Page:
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Chuck Pagano At A Loss As To Why His Colts Are Playing So Poorly

Pagano doesn't seem to know how to fix his broken 7-4 team.

Christian Petersen

It’s a broken record at this point.

Colts started slow, again. Chuck Pagano's defense was carved up by a mediocre-at-best quarterback. Coverage was spotty. Run defense nonexistent.

The Colts 40-11 Week 12 loss to the Cardinals was so bad that even attempting to analyze it makes me feel tired, useless, and ultimately soul drained.

For the second time in two weeks, the Colts got their asses handed to them by an NFC West team. This time, instead of a Rams team led by Kellen Clemson, it was Carson Palmer and the Bruce Arians-coached Cardinals.

Amazing. The Colts blew out the 49ers in Candlestick back in Week 3 and came back to knock off the Seahawks on Week 5. Both those teams are not only the top teams in their division, but two of the premiere teams in the entire league.

And yet, this same Colts team that bested SF and Seattle has gotten dismantled and humiliated by St. Louis and Arizona.

Yes, the season-ending injury to wide receiver Reggie Wayne has indeed severely affected the Colts’ offense, but that injury does not explain or excuse just how terrible Indianapolis’ defense has performed since the bye week. For the third time in four weeks, the defense has surrendered 14 points in the first quarter. Also for the third time in four weeks, the Colts’ defense has allowed the opponent’s offense to score with their opening possession.

And yet, despite these facts plainly available, Colts head coach Chuck Pagano continues to defer when he wins the opening coin toss.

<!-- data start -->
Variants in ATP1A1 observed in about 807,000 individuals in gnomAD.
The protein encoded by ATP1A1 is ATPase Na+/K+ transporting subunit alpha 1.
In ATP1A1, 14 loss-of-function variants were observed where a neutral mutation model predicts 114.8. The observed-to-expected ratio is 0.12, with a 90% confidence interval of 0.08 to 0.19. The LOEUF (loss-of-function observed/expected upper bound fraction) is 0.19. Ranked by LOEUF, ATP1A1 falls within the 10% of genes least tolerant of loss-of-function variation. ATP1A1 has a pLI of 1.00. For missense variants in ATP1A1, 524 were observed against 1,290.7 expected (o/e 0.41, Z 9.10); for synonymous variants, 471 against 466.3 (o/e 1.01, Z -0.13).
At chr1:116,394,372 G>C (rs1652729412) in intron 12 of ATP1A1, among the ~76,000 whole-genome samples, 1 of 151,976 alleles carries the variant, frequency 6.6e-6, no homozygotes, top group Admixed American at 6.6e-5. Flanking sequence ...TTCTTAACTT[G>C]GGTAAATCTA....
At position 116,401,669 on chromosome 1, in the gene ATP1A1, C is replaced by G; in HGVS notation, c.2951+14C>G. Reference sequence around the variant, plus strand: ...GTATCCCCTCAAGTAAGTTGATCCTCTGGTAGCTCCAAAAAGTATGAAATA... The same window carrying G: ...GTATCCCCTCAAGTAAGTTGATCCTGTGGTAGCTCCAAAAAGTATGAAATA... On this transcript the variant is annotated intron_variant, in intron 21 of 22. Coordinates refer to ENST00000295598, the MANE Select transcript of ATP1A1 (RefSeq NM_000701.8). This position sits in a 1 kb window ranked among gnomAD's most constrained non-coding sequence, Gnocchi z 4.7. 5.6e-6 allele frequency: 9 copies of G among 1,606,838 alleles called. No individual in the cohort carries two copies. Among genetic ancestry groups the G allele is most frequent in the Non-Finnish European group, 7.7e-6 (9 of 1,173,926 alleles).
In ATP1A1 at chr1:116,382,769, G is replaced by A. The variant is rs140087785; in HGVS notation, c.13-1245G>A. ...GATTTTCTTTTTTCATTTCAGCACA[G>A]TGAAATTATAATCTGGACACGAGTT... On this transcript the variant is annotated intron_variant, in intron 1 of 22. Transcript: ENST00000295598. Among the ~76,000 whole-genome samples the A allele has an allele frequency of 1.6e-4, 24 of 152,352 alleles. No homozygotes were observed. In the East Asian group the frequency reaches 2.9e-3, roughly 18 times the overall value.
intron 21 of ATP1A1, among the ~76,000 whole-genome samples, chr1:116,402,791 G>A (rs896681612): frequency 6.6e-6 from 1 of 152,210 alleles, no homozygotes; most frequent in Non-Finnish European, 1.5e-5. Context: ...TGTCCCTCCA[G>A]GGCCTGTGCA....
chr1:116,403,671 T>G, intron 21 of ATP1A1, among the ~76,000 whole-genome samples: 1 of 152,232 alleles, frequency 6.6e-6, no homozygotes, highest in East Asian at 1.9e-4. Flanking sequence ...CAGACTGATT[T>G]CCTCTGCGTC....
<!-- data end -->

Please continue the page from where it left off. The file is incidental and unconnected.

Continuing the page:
In the first half of the last four games, the Colts have been outscored 93-9. Reggie Wayne isn’t a defensive back, a linebacker, or a defensive line. Blaming his injury as the reason why the Colts have played so poorly since their Week 7 win against the Broncos is laziness. A cheap narrative. Pagano water carrying.

The reality we must all come to realize is that, despite general manager Ryan Grigson spending tens of millions of dollars of owner Jim Irsay’s money to handpick players Chuck Pagano believed would thrive in his 3-4 "hybrid" scheme, this defense isn’t much better than last years.

And it’s the new players, the expensive free agent acquisitions, who are playing the worst.

After the game, veteran defensive lineman Cory Redding spoke to reporters and talked about how the players and coaches needed to do some "soul searching." This was Redding doing what he does well: Be a leader. Contrast this with Robert Mathis, who ducked reporters and left the locker room following the game without saying a word to the media.

Frustration is reaching the breaking point. It’s clear that Chuck Pagano doesn’t have any answers. He looked exacerbated and confused after his defense gave up over 100 yards rushing in the first half to a Cardinals team that was averaging 85 a game going in.

Blowout loses like this one and the Rams lose make the impressive early season wins against teams like the 49ers moot. The Colts are being embarrassed, and their coach seems dazed and without reasons to correct their many issues.

When the coach doesn't have the answers, that means things could spiral out of control quickly unless he finds some, and quick!